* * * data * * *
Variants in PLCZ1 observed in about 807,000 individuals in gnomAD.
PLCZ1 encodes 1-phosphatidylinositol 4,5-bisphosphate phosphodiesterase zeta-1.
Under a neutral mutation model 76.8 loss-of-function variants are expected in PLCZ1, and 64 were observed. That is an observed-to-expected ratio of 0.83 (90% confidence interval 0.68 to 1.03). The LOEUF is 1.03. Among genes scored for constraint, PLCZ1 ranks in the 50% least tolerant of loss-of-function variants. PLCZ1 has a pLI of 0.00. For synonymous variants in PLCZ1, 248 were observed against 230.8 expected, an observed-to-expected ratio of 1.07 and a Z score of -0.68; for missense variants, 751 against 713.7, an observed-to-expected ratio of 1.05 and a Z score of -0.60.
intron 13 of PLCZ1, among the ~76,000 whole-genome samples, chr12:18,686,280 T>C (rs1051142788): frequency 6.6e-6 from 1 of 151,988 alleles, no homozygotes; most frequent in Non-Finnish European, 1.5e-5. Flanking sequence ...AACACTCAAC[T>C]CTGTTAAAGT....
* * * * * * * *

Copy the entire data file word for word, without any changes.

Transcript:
Variants in PLCZ1 observed in about 807,000 individuals in gnomAD.
PLCZ1 encodes 1-phosphatidylinositol 4,5-bisphosphate phosphodiesterase zeta-1.
Under a neutral mutation model 76.8 loss-of-function variants are expected in PLCZ1, and 64 were observed. That is an observed-to-expected ratio of 0.83 (90% confidence interval 0.68 to 1.03). The LOEUF is 1.03. Among genes scored for constraint, PLCZ1 ranks in the 50% least tolerant of loss-of-function variants. PLCZ1 has a pLI of 0.00. For synonymous variants in PLCZ1, 248 were observed against 230.8 expected, an observed-to-expected ratio of 1.07 and a Z score of -0.68; for missense variants, 751 against 713.7, an observed-to-expected ratio of 1.05 and a Z score of -0.60.
intron 13 of PLCZ1, among the ~76,000 whole-genome samples, chr12:18,686,280 T>C (rs1051142788): frequency 6.6e-6 from 1 of 151,988 alleles, no homozygotes; most frequent in Non-Finnish European, 1.5e-5. Flanking sequence ...AACACTCAAC[T>C]CTGTTAAAGT....